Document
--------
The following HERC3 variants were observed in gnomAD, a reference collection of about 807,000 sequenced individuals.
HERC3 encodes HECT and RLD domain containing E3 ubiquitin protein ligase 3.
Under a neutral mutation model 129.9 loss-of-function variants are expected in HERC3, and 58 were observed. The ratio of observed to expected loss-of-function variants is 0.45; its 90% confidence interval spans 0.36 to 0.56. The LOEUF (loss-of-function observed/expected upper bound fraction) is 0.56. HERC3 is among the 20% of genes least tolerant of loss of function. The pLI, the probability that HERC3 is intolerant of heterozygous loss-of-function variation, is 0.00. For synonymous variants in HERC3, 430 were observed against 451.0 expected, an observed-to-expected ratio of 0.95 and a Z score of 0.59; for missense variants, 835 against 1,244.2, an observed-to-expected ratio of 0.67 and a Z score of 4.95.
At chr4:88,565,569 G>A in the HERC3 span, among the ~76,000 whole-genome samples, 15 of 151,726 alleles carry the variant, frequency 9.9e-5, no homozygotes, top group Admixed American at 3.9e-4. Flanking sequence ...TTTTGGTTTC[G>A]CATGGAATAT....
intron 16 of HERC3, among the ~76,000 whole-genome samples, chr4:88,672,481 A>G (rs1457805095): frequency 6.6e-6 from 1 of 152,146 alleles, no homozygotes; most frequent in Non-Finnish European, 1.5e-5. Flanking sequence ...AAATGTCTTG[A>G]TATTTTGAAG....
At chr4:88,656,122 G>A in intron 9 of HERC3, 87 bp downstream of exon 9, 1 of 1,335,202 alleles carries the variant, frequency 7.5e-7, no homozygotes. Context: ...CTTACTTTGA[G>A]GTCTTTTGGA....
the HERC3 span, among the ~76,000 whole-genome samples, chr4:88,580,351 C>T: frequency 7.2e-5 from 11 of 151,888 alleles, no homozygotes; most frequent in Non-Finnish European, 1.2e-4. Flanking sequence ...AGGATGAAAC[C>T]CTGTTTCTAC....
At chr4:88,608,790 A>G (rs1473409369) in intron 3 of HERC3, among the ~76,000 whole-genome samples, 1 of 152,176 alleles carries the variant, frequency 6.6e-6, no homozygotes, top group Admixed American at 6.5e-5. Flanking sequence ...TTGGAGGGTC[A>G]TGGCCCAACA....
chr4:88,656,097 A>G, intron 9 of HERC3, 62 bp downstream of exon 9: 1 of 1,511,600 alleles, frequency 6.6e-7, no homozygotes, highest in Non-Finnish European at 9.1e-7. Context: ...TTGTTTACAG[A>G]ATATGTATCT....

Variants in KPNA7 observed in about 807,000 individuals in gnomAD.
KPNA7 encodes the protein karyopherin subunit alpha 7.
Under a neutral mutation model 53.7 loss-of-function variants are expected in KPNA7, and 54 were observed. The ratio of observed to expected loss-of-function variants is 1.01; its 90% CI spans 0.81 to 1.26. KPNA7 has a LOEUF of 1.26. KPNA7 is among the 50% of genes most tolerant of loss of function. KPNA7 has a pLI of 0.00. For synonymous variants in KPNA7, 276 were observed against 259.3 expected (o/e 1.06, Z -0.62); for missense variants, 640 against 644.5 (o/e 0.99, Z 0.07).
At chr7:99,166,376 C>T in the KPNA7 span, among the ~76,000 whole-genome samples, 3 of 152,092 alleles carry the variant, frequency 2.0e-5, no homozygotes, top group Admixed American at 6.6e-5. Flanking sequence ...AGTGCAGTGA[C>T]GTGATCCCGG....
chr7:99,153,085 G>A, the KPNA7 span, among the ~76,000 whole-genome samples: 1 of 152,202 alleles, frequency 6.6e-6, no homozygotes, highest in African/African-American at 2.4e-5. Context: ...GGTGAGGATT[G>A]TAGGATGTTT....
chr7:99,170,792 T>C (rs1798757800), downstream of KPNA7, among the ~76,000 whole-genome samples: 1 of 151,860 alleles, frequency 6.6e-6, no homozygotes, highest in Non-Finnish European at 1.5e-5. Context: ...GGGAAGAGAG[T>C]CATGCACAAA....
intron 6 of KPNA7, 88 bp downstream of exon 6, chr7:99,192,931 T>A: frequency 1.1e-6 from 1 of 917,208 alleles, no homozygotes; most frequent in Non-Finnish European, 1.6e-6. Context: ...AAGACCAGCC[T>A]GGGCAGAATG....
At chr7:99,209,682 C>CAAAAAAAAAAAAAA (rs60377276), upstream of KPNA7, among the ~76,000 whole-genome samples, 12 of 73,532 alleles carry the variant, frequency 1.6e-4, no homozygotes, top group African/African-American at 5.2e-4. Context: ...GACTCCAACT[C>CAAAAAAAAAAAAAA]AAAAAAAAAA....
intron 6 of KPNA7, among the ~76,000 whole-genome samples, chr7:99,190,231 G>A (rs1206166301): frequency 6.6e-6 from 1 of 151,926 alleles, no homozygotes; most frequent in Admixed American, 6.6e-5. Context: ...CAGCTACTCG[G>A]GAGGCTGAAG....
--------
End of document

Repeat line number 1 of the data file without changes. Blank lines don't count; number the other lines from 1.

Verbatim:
The following HERC3 variants were observed in gnomAD, a reference collection of about 807,000 sequenced individuals.